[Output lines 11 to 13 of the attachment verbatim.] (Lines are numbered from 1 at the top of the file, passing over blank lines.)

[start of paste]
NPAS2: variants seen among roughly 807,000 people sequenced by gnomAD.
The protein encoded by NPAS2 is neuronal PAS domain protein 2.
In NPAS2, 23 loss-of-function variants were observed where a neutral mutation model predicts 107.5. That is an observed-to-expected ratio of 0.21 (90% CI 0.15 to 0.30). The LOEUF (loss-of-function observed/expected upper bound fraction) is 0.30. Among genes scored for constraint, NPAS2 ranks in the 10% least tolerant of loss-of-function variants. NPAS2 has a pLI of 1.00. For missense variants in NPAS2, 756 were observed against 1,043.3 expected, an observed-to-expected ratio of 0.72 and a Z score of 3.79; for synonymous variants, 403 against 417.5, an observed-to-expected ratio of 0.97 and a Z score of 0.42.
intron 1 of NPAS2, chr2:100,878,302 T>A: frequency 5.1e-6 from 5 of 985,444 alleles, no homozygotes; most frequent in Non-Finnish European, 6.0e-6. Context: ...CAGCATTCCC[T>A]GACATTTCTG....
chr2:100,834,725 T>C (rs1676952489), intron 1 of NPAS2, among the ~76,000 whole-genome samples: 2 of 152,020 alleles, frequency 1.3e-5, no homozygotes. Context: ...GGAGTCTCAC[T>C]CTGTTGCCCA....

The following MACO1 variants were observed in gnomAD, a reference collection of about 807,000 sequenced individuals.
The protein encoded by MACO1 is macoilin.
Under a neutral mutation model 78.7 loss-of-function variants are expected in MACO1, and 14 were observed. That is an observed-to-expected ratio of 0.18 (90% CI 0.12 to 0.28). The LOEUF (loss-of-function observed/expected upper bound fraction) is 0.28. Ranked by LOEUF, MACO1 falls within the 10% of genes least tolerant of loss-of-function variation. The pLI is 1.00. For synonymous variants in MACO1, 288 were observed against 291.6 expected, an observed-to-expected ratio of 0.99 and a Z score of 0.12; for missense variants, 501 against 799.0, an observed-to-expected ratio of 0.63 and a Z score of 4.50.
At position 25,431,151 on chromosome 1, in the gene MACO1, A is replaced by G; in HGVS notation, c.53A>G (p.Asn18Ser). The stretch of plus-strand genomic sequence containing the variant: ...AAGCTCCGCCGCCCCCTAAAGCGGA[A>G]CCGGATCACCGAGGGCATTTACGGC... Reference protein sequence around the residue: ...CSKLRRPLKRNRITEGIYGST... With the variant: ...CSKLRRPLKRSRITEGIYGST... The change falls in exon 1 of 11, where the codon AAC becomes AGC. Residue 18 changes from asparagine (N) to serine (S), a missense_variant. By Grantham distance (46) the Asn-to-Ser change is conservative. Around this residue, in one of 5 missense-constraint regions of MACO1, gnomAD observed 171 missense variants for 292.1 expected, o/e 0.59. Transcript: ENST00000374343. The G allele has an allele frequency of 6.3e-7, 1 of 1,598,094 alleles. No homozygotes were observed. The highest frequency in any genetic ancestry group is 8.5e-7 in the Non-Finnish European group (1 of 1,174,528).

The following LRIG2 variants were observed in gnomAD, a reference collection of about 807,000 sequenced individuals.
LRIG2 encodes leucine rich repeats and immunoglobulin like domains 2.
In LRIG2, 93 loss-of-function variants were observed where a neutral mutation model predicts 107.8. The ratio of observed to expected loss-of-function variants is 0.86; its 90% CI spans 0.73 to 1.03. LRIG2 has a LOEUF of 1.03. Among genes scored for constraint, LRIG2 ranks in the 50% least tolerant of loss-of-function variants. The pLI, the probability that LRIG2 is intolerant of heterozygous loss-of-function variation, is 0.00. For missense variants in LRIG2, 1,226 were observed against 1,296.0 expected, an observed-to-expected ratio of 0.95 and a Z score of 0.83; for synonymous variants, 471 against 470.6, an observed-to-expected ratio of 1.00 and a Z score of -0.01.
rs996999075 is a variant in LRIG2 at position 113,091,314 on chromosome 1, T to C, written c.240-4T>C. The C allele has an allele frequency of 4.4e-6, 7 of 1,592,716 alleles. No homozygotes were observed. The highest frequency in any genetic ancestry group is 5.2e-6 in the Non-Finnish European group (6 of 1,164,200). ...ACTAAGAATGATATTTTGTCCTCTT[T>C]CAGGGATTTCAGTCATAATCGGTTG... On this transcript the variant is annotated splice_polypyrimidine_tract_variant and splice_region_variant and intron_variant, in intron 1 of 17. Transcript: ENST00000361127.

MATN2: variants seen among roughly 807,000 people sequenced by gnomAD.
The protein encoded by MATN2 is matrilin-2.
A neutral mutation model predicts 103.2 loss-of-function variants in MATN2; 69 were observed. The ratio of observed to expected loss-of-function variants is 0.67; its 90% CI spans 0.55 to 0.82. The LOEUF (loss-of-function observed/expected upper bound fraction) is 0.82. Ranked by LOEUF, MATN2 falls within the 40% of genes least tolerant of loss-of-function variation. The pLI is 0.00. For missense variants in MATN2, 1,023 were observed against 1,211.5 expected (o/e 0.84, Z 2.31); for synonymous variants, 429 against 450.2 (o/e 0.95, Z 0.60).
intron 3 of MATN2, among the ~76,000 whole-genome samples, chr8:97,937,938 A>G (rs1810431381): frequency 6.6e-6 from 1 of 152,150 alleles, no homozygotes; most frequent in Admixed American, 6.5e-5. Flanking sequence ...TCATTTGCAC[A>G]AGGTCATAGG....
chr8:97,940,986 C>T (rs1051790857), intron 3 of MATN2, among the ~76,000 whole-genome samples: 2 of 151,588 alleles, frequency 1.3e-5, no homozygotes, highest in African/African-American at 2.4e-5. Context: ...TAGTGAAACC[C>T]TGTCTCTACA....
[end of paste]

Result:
LRIG2 encodes leucine rich repeats and immunoglobulin like domains 2.
In LRIG2, 93 loss-of-function variants were observed where a neutral mutation model predicts 107.8. The ratio of observed to expected loss-of-function variants is 0.86; its 90% CI spans 0.73 to 1.03. LRIG2 has a LOEUF of 1.03. Among genes scored for constraint, LRIG2 ranks in the 50% least tolerant of loss-of-function variants. The pLI, the probability that LRIG2 is intolerant of heterozygous loss-of-function variation, is 0.00. For missense variants in LRIG2, 1,226 were observed against 1,296.0 expected, an observed-to-expected ratio of 0.95 and a Z score of 0.83; for synonymous variants, 471 against 470.6, an observed-to-expected ratio of 1.00 and a Z score of -0.01.
rs996999075 is a variant in LRIG2 at position 113,091,314 on chromosome 1, T to C, written c.240-4T>C. The C allele has an allele frequency of 4.4e-6, 7 of 1,592,716 alleles. No homozygotes were observed. The highest frequency in any genetic ancestry group is 5.2e-6 in the Non-Finnish European group (6 of 1,164,200). ...ACTAAGAATGATATTTTGTCCTCTT[T>C]CAGGGATTTCAGTCATAATCGGTTG... On this transcript the variant is annotated splice_polypyrimidine_tract_variant and splice_region_variant and intron_variant, in intron 1 of 17. Transcript: ENST00000361127.